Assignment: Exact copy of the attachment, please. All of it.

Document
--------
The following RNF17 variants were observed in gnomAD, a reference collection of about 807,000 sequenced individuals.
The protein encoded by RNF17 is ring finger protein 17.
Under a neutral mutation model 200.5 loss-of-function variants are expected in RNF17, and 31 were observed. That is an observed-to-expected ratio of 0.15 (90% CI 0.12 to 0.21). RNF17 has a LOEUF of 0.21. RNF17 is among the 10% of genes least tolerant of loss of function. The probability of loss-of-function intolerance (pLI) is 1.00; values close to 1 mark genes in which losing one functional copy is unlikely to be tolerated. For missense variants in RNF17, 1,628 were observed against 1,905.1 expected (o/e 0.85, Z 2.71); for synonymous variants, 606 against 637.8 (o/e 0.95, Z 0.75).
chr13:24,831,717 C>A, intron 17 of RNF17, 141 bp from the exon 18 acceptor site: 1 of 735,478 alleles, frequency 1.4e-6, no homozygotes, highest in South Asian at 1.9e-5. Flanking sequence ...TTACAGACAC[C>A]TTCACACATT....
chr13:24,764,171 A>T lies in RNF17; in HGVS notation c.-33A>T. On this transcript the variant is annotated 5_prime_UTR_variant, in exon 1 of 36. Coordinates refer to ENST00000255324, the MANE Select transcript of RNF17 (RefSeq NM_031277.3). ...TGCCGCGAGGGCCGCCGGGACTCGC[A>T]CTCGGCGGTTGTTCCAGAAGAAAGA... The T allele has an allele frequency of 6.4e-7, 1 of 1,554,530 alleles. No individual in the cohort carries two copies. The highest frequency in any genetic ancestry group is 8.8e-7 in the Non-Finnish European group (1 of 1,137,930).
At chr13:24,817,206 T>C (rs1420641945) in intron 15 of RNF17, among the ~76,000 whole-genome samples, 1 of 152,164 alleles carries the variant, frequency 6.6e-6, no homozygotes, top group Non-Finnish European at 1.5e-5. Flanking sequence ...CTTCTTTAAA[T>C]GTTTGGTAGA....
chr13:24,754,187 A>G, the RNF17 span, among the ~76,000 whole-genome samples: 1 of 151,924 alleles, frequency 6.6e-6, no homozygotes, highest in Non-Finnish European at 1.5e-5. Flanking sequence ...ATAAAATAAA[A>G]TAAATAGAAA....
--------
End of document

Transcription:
The following RNF17 variants were observed in gnomAD, a reference collection of about 807,000 sequenced individuals.
The protein encoded by RNF17 is ring finger protein 17.
Under a neutral mutation model 200.5 loss-of-function variants are expected in RNF17, and 31 were observed. That is an observed-to-expected ratio of 0.15 (90% CI 0.12 to 0.21). RNF17 has a LOEUF of 0.21. RNF17 is among the 10% of genes least tolerant of loss of function. The probability of loss-of-function intolerance (pLI) is 1.00; values close to 1 mark genes in which losing one functional copy is unlikely to be tolerated. For missense variants in RNF17, 1,628 were observed against 1,905.1 expected (o/e 0.85, Z 2.71); for synonymous variants, 606 against 637.8 (o/e 0.95, Z 0.75).
chr13:24,831,717 C>A, intron 17 of RNF17, 141 bp from the exon 18 acceptor site: 1 of 735,478 alleles, frequency 1.4e-6, no homozygotes, highest in South Asian at 1.9e-5. Flanking sequence ...TTACAGACAC[C>A]TTCACACATT....
chr13:24,764,171 A>T lies in RNF17; in HGVS notation c.-33A>T. On this transcript the variant is annotated 5_prime_UTR_variant, in exon 1 of 36. Coordinates refer to ENST00000255324, the MANE Select transcript of RNF17 (RefSeq NM_031277.3). ...TGCCGCGAGGGCCGCCGGGACTCGC[A>T]CTCGGCGGTTGTTCCAGAAGAAAGA... The T allele has an allele frequency of 6.4e-7, 1 of 1,554,530 alleles. No individual in the cohort carries two copies. The highest frequency in any genetic ancestry group is 8.8e-7 in the Non-Finnish European group (1 of 1,137,930).
At chr13:24,817,206 T>C (rs1420641945) in intron 15 of RNF17, among the ~76,000 whole-genome samples, 1 of 152,164 alleles carries the variant, frequency 6.6e-6, no homozygotes, top group Non-Finnish European at 1.5e-5. Flanking sequence ...CTTCTTTAAA[T>C]GTTTGGTAGA....
chr13:24,754,187 A>G, the RNF17 span, among the ~76,000 whole-genome samples: 1 of 151,924 alleles, frequency 6.6e-6, no homozygotes, highest in Non-Finnish European at 1.5e-5. Flanking sequence ...ATAAAATAAA[A>G]TAAATAGAAA....